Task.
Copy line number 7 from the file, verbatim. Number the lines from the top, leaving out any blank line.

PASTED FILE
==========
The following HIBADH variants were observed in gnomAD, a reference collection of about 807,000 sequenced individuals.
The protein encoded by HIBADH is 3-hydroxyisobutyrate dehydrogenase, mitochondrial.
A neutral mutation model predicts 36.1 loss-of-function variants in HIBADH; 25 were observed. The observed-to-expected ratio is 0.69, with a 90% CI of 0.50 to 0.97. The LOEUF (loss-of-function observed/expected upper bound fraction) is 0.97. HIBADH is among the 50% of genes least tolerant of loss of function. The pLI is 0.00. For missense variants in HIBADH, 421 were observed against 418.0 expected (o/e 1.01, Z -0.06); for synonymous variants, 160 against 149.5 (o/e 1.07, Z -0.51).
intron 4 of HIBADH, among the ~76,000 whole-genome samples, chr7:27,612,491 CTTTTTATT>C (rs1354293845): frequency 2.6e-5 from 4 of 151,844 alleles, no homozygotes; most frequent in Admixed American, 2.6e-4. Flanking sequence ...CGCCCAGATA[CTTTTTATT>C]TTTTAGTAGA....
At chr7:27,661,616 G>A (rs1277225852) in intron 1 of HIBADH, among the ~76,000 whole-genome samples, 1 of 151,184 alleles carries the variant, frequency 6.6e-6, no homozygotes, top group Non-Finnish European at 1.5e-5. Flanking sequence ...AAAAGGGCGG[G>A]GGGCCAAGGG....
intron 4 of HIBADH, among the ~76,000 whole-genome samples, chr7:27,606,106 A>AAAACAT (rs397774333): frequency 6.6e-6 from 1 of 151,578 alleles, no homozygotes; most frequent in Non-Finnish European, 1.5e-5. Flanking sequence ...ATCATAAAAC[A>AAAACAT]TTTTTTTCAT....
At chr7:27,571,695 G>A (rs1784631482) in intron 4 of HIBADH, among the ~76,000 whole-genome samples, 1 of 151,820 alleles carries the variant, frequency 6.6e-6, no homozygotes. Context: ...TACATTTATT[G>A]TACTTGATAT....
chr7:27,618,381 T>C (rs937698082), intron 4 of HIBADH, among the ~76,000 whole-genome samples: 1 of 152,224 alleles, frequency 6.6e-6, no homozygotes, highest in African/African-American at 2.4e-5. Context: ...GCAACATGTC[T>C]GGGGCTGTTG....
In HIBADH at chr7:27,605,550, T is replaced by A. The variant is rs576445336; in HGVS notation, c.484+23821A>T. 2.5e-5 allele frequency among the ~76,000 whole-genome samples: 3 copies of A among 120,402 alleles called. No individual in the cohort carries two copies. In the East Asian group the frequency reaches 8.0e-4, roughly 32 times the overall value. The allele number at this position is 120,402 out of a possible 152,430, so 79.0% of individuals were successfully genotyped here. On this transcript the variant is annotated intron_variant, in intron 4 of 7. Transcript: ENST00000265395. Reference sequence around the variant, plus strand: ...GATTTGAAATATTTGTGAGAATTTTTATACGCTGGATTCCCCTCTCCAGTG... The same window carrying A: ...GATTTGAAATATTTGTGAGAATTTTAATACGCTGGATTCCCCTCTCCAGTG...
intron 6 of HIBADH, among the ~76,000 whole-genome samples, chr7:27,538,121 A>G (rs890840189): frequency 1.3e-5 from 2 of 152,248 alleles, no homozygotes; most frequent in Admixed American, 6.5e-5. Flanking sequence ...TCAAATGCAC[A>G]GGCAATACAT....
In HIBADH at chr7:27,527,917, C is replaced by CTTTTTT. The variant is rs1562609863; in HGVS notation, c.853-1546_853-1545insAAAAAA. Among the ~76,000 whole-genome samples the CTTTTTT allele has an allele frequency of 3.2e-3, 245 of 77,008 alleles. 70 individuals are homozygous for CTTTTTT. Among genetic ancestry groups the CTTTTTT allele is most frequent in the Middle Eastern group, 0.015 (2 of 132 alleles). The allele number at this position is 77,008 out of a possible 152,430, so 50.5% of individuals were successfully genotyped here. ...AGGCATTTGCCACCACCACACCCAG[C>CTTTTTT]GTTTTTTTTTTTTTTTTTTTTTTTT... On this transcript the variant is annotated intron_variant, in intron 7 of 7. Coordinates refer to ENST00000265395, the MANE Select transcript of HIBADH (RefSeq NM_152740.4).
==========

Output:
At chr7:27,571,695 G>A (rs1784631482) in intron 4 of HIBADH, among the ~76,000 whole-genome samples, 1 of 151,820 alleles carries the variant, frequency 6.6e-6, no homozygotes. Context: ...TACATTTATT[G>A]TACTTGATAT....